Trying to replicate the smoothie at home, Ben and I set out to test four recipes, with only one rule: keep the bad-for-you ingredients to a minimum.
Here are the results:
#1: Strawberries, Orange Juice, Ice, and SugarThe first recipe had an advantage with its no-fuss ingredients, all of which we usually have at home. And the preparation couldn't be simpler: blend and serve.
Unfortunately, the results were disappointing and this recipe turned out to be the least liked of the four.
It was sweet, but the orange juice overpowered the strawberries. If you've ever wondered what strawberry flavored orange juice tastes like, you're not missing out on anything.
After maybe 15 minutes, the ingredients began to separate, which added to the ick factor.
#2: Strawberries, Milk, Ice, and SugarThe second recipe called for whole milk, which we didn't have, so we made do with skim.
It also required less sugar than the first (1 teaspoon as compared to a tablespoon). And that, I think, was its downfall.
In a word, this smoothie was bland. It had a thicker consistency than the previous smoothie, but it didn't taste like anything. And its ingredients separated over a fifteen minute period (so drink up quick!).
If given the choice between this smoothie and water, I'd take the water.
#3: Strawberries, Milk, and YogurtThe third recipe substitutes sugar and ice with yogurt. It doesn't specify a flavor, but we went with the most logical choice: strawberry.
This drink was creamier than the others but not as cold. Despite the ingredients having been refrigerated, the smoothie was served at room temperature, which detracted from its taste.
As for flavor, the yogurt-and-milk based smoothie was as bland as its predecessor, but it had promise.
I placed mine in the fridge and added a spoonful of sugar, which made it nearly perfect.
#4: Strawberries, Milk, Ice and Smoothie MixThe fourth smoothie recipe wasn't a recipe at all but a mix from the grocery store. It's a powder that combines with strawberries, milk and ice.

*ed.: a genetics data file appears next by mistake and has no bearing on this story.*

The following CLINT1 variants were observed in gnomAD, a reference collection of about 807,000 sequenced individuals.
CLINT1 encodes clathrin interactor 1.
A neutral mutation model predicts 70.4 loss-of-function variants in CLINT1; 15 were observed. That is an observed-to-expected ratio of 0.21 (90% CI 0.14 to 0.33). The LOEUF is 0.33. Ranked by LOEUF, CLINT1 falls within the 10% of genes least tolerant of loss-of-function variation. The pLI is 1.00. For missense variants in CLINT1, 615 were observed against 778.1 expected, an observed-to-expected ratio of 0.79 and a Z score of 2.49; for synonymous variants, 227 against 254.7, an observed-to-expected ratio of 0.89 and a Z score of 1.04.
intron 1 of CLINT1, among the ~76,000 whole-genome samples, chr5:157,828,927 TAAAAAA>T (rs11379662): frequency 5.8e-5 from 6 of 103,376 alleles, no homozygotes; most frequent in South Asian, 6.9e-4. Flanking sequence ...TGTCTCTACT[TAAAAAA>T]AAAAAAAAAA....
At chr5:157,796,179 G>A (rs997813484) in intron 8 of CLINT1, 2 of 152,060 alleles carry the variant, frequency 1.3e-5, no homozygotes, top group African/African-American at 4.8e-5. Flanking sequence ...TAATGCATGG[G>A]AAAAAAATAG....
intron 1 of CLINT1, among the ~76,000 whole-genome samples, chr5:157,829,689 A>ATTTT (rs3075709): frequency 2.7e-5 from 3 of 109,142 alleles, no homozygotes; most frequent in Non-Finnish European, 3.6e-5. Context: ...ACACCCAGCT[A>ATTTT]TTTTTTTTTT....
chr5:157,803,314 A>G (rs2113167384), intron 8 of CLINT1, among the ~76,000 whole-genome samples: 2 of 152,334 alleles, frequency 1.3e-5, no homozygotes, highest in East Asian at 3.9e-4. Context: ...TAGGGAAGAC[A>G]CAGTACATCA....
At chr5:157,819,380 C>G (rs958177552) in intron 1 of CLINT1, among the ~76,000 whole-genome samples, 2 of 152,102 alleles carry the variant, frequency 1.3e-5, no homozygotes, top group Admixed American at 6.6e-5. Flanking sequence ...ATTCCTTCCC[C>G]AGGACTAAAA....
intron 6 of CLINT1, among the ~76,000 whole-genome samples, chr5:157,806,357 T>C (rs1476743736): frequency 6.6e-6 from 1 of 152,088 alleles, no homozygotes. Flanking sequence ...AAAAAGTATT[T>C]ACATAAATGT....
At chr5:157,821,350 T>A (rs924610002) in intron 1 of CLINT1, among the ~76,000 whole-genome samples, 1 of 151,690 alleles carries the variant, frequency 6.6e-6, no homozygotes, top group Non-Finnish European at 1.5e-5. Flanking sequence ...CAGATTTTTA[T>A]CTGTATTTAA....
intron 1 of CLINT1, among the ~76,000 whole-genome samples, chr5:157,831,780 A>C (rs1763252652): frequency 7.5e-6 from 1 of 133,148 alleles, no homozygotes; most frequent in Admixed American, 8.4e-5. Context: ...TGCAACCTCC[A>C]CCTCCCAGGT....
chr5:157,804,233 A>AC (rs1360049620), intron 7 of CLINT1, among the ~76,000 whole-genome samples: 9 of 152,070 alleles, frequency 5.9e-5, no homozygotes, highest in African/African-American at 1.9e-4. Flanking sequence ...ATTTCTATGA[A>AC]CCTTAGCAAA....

Looking at the list of ingredients, the powder contains a ton of sugar (and corn syrup solids). So, it's not what I'd call healthy.
The package also claims that it contains 3 servings, but as with the other recipes, we could only fill two glasses.
This smoothie was most similar to that served at the mall but couldn't duplicate it exactly. It tasted like strawberry milk – the kind that I used to make as a kid with the canned Nesquick strawberry powder. It was almost too sweet, if there is such a thing.
The Winner Is...On the surface, it wouldn't seem like any of the above recipes are deserving of a win.
The first three had some flavor issues, and while the last was taste-bud-friendly, it's really just a candy bar wrapped up in strawberry packaging.
However, the yogurt smoothie had promise, as long as it's refrigerated. And I can probably live without the extra dose of sugar. I've found that when I eat something that doesn't taste quite right, the more I'm exposed to it, the more I like it. Maybe it's just a matter of getting my taste buds acclimated.
For instance, when I first began eating sugar-free applesauce, it was as sour as a Sour Patch Kid. But, as I ate it over the course of a week, it no longer tasted tart. Now it's my barometer for normal, and if I were to switch to sweetened applesauce, I'd probably have to get used to it all over again. I don't think that's a bad thing.
Do you have any favorite smoothie recipes to share?